The research protocol was accepted by the Ethical Committee on Human Research of the Canton de Vaud (# 212/13, May 10, 2013). Written informed consent was obtained from the patient’s guardian/parent/for the publication of this report and any accompanying images.
Age at diagnosis (year)
In all cases, the primary tumor was completely resected (R0). Patients with either initial or relapsed metastases were monitored, and metastasectomy was considered if metastases were not responding to chemotherapy.
Diagnostic process and follow-up
A multiple-slice chest computed tomography (CT) scan was carried out as an initial workup, and analyzed by a senior radiologist. We compared the number of preoperative metastases with intraoperative findings. In all cases, a checkup scan was performed 3 months after the surgical procedure.
The clamshell incision required a "W" curvilinear bilateral submammary incision, extending from one midaxillary line to the opposite one in the anatomic skin and rib groove. The skin incision is carried down to the superficial pectoral fascia overlying the pectoralis major muscles, the sternum, and the fascia overlying the serratus anterior muscles at the lateral ends of the wound. The pectoralis major muscle is separated from its inferior and medial attachments and lifted up with its overlying skin and soft tissues.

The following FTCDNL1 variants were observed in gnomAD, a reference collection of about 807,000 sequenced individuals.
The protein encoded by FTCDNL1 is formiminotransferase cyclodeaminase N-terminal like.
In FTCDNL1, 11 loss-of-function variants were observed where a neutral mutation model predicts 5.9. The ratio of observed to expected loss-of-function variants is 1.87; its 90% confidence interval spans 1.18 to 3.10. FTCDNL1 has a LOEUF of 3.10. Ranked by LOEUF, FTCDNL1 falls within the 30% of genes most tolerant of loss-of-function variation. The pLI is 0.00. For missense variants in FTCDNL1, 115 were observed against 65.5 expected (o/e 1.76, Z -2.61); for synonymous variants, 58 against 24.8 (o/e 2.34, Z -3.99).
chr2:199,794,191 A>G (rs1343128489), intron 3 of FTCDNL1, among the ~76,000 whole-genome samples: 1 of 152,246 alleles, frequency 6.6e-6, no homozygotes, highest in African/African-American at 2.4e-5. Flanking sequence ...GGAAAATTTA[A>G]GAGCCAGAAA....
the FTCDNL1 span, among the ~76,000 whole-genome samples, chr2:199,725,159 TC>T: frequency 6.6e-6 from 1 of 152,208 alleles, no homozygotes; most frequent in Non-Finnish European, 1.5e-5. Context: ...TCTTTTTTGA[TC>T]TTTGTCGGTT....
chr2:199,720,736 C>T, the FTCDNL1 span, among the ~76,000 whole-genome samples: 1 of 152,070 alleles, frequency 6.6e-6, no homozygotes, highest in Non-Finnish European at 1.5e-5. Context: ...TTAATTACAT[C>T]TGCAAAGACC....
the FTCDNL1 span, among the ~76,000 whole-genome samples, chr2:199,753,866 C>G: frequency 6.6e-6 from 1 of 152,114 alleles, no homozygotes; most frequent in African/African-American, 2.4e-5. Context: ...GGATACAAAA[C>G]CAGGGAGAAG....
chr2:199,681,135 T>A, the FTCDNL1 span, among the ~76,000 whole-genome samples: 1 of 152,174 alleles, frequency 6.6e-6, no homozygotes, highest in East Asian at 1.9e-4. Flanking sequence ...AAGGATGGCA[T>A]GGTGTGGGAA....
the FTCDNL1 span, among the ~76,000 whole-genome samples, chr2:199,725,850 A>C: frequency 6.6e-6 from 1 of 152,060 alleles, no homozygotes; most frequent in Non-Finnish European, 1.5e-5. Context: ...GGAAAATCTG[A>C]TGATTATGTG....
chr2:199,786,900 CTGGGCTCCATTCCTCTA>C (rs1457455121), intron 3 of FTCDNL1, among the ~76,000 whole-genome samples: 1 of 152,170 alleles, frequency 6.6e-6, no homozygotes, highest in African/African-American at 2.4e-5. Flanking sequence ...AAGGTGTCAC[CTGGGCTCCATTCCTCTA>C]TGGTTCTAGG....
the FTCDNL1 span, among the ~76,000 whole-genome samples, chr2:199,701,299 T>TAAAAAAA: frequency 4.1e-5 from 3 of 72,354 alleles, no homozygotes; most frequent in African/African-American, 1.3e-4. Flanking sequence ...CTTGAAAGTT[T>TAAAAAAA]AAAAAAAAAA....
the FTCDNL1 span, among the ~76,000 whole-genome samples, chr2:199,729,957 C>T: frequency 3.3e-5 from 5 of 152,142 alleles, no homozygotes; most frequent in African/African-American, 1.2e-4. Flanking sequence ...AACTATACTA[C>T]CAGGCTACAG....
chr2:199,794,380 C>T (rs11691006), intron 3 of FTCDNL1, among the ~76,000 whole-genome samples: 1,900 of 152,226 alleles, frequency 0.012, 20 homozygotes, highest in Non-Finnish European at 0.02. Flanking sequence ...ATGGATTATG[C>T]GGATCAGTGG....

The pectoral muscles are elevated to gain access to the fifth intercostal space bilaterally, whereupon the chest is entered, and the incision completed toward the sternum bilaterally. The division of the intercostal muscles continues laterally and posteriorly to maximize rib spreading. The internal mammary vessels are isolated, tied with a Vicryl 3-0 absorbable suture and sectioned. The sternum is divided transversally at the level of the fifth intercostal space with an oscillating saw.
At the end of the operation, bilateral pleural drainage is placed. The wound is closed with pericostal stitches. The sternum is repaired with two heavy metallic sutures. Muscles and subcutaneous tissues are closed in layers
All data are expressed as mean ± SD. We used the Student t test to compare the continuous variables within groups. Two-tailed P < 0.05 was considered statistically significant. The analysis was performed by using Prism (2013 GraphPad Software, Inc.).
Seven BAT procedures were performed on five patients (two patients had repeated operations), with a mean age at surgery of 12.9 ± 5.4 years (Table 1). Four patients, with a mean age of 17.4 ± 1.9 years, underwent 10 unilateral thoracotomies. Two patients underwent both BAT and subsequent PLT. All patients underwent multiple wedge resections. One child in the PLT group underwent a right superior lobectomy. The mean number of nodules detected at CT scan, across both groups, was 3.47 ± 3.9 nodules per patient, and the number of resected nodules was 3.52 ± 3 nodules per patient (P = 0.48).